A bell has been ringing in the back of my mind as the Iranian hostage situation has unfolded and I just tracked it down to page 613 of my OUP paperback edition of Pity The Nation, Robert Fisk's account of Lebanon during the first half of the 1980s, and written before he went completely... er, that is before he fully became the Fisk we know and love today.
The kidnappings of westerners had begun...
On 1 October 1985, it was the Russians' turn. Three diplomats kidnapped, one of them - Arkady Katkov - shot and dumped on waste ground in West Beirut.
[Soviet journalist, suspected KGB man and Fisk's friend, Konstantin Kapitanov identified the body] Kapitanov crying. I could scarcely believe it. 'We shall find the people who did this,' he said.
They did. The Soviets sought help from the Druze. A brother of one of the supposed kidnappers was abducted. Later, so we heard, his family received one of his fingers in an envelope. Then another. The two surviving Soviet hostages were freed unharmed.
UPDATE: As an aside, although I have been skimming this book (it's 15 years since I read it last) and can't find the quote, I'm sure somewhere in it is one of my favourite terrorism stories. There was a spate of airplane hijackings during which it was demanded that the pilots "Fly me to Beirut!"
One particular pilot was especially surprised when a passenger burst into his cockpit brandishing a handgun, and shouted this demand. The plane had not long taken off from Cyprus. The scheduled destination? Beirut.
UPDATE2: An irrelevant anecdote. I got to know a Phalangist militiaman in about 1992. He was a seriously heavy character, very proud that his brother had trekked across a mountain pass to be the first Lebanese man to confront Syrian tanks as they entered the Bekaa Valley - kneeling to fire the anti-tank shells he'd carried on his back for three days. He also had some interesting stories about the massacres at Chatila and Bourj al-Barajneh (which he'd witnessed), but they can wait for another time. When I knew him, he was planning his return to the Lebanon, where he was going to open a very regional business - a bring-your-own-weapon firing range. Anything up to rocket launchers accepted.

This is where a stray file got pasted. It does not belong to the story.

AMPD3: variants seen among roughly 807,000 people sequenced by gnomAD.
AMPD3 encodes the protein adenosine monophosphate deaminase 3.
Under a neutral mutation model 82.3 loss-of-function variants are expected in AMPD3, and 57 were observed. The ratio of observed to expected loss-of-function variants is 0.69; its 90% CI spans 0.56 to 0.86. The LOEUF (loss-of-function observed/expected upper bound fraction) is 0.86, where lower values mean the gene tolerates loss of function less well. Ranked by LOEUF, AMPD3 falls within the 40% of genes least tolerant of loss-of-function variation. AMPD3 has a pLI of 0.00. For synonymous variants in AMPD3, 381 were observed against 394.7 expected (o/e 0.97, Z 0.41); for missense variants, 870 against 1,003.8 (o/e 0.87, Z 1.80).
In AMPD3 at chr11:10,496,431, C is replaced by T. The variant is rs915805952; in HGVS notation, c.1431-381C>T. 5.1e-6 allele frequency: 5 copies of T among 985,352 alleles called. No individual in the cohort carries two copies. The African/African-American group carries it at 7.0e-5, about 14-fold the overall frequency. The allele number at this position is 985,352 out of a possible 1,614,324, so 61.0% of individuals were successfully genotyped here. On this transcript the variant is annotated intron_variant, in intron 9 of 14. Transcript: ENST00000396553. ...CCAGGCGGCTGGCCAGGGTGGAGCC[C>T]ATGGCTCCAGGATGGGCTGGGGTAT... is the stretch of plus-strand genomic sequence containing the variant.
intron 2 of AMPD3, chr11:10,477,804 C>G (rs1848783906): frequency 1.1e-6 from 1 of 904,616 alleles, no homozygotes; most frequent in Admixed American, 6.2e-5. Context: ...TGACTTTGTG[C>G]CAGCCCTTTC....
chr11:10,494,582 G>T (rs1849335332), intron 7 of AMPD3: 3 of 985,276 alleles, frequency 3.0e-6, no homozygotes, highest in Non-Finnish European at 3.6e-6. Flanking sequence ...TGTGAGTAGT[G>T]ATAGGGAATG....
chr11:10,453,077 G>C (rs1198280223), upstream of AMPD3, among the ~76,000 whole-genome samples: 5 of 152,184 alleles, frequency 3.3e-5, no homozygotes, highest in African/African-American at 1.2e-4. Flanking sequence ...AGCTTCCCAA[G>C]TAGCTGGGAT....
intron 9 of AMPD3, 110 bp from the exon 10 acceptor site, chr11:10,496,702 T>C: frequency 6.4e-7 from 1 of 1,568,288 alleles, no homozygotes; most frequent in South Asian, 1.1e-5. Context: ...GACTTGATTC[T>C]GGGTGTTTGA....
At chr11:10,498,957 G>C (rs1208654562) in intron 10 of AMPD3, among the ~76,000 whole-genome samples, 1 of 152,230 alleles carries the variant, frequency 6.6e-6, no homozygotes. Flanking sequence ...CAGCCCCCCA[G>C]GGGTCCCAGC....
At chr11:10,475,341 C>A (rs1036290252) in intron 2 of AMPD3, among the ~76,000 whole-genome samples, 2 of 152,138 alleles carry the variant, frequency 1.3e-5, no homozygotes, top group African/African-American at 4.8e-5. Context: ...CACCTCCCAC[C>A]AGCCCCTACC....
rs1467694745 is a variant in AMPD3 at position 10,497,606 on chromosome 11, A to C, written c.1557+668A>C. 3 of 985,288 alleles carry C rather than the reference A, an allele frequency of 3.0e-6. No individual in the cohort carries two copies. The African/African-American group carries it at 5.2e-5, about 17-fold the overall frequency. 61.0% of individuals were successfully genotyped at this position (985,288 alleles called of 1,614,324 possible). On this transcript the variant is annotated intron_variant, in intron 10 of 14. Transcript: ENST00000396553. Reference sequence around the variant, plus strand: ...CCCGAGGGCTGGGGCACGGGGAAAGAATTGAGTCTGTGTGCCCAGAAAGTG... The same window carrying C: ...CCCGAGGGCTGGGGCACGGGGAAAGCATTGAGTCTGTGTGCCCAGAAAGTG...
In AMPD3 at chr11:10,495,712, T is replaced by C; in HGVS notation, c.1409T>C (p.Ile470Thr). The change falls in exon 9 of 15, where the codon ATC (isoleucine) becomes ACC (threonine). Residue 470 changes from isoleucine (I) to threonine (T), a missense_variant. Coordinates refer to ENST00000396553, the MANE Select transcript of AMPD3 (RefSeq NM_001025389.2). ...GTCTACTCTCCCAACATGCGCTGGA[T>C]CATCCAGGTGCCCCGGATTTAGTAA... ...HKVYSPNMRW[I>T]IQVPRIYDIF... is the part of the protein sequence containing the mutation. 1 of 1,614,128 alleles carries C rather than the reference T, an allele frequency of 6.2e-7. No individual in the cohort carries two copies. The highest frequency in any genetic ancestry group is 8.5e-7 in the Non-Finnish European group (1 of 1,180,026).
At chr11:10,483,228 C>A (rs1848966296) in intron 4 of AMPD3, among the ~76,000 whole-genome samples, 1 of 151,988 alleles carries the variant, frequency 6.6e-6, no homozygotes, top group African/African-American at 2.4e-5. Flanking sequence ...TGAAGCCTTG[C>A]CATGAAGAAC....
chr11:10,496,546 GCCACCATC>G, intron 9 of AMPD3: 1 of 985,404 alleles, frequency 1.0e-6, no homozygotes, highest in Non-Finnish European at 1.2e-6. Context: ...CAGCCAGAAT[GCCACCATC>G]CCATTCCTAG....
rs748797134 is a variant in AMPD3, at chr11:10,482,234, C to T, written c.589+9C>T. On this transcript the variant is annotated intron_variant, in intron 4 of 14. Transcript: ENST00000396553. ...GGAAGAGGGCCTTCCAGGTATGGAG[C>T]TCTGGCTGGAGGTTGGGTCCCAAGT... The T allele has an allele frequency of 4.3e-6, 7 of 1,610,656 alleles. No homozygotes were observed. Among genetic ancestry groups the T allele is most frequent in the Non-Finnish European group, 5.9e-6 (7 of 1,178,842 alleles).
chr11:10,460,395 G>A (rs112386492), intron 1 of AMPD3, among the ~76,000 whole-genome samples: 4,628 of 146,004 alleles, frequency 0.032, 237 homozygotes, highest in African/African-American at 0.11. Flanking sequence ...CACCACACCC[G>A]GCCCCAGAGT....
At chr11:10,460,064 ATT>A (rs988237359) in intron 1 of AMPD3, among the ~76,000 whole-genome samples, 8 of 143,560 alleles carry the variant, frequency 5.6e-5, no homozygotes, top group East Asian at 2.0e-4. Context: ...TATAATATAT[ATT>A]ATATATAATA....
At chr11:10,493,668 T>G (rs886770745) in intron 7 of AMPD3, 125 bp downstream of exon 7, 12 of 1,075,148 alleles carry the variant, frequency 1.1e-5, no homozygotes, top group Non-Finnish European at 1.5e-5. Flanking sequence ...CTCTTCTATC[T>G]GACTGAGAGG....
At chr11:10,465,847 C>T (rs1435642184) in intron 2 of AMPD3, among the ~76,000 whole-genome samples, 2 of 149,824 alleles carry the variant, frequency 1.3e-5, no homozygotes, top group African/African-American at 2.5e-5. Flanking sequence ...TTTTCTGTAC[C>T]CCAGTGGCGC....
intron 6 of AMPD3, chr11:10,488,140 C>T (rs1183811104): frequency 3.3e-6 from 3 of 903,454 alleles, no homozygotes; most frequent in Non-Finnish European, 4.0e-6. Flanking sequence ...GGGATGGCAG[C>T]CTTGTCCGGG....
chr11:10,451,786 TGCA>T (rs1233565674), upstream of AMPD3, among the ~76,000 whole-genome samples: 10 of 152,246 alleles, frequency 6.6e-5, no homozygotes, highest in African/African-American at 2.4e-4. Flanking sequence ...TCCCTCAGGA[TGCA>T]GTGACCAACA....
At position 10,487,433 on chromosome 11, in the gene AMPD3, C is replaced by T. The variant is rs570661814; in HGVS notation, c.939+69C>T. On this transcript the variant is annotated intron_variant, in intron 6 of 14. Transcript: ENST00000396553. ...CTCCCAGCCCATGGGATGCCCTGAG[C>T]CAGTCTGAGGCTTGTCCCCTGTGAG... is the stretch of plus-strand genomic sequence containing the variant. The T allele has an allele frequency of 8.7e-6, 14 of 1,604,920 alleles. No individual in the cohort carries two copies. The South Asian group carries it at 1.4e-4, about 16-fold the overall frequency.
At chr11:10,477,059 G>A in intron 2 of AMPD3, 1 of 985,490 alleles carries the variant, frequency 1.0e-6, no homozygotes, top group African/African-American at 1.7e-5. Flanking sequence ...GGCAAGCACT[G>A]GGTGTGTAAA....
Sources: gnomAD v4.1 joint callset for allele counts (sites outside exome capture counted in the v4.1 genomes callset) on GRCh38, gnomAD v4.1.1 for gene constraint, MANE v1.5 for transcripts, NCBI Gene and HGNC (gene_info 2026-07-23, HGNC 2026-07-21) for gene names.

UPDATE3: I was approached, in the late 1980s, and asked to provide training services for one of the Lebanese militias (not the Phalange). At the time, I occasionally worked with some former SAS soldiers who had set up a security company that could indeed supply such services. Conscious that this was a delicate area to enter into, I sought a meeting with the Foreign Office and wound up in an office in King Charles Street, talking with one of the relevant people there. The upshot was that, while the government could of course not condone any such activities, indeed prohibited them, they'd be interested to know how things went if I did go ahead.
Now, of course, that's how things work. But Britain has a habit, historically, of hanging people out to dry if they do get involved in such matters and they go wrong - and not every government does that. And that's why I'm adding this update. That's a bad way to go about things. The history of the twentieth century is littered with names like Klop Ustinov and Peter Wright, who reacted differently to being stranded by an ungrateful country, but were expected to die in poverty after promises had been dishonoured.
That's why I watched with interest the eventually abandoned prosecutions of directors of Forgemasters and Walter Somers after the Iraqi supergun affair. They were, it seemed to me, people who had been placed in a similar position to the one I was toying with, and who had not received the support they deserved.
This is a very British disease. Our security does depend on, among other things, informal arrangements with people entering into transactions that exceed formal boundaries. Other countries - France and America spring to mind - are less dishonourable. A businessman who has been careful to keep the Foreign Office informed at every stage should not lose their business and face prosecution as a consequence of their (unofficially) sanctioned activities.
And yes, I've drifted seriously off-topic.